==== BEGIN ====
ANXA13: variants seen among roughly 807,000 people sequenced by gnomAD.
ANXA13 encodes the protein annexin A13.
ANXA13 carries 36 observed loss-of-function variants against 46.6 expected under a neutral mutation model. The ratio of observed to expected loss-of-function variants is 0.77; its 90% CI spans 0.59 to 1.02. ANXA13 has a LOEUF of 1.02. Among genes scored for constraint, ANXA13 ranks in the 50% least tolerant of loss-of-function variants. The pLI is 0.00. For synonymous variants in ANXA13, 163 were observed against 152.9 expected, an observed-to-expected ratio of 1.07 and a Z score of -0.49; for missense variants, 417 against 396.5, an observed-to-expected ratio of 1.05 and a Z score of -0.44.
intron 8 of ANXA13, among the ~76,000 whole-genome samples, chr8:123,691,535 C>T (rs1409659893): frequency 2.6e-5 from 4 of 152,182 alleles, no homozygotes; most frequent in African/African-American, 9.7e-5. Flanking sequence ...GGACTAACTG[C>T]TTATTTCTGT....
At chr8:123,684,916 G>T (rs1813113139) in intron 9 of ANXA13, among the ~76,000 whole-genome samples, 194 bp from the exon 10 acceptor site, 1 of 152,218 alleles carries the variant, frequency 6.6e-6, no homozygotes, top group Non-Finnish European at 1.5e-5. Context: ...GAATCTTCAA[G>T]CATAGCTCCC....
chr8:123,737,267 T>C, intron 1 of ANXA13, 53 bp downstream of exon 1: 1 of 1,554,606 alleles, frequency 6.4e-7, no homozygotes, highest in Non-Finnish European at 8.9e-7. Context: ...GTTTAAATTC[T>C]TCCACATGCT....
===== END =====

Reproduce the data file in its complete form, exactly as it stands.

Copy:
ANXA13: variants seen among roughly 807,000 people sequenced by gnomAD.
ANXA13 encodes the protein annexin A13.
ANXA13 carries 36 observed loss-of-function variants against 46.6 expected under a neutral mutation model. The ratio of observed to expected loss-of-function variants is 0.77; its 90% CI spans 0.59 to 1.02. ANXA13 has a LOEUF of 1.02. Among genes scored for constraint, ANXA13 ranks in the 50% least tolerant of loss-of-function variants. The pLI is 0.00. For synonymous variants in ANXA13, 163 were observed against 152.9 expected, an observed-to-expected ratio of 1.07 and a Z score of -0.49; for missense variants, 417 against 396.5, an observed-to-expected ratio of 1.05 and a Z score of -0.44.
intron 8 of ANXA13, among the ~76,000 whole-genome samples, chr8:123,691,535 C>T (rs1409659893): frequency 2.6e-5 from 4 of 152,182 alleles, no homozygotes; most frequent in African/African-American, 9.7e-5. Flanking sequence ...GGACTAACTG[C>T]TTATTTCTGT....
At chr8:123,684,916 G>T (rs1813113139) in intron 9 of ANXA13, among the ~76,000 whole-genome samples, 194 bp from the exon 10 acceptor site, 1 of 152,218 alleles carries the variant, frequency 6.6e-6, no homozygotes, top group Non-Finnish European at 1.5e-5. Context: ...GAATCTTCAA[G>T]CATAGCTCCC....
chr8:123,737,267 T>C, intron 1 of ANXA13, 53 bp downstream of exon 1: 1 of 1,554,606 alleles, frequency 6.4e-7, no homozygotes, highest in Non-Finnish European at 8.9e-7. Context: ...GTTTAAATTC[T>C]TCCACATGCT....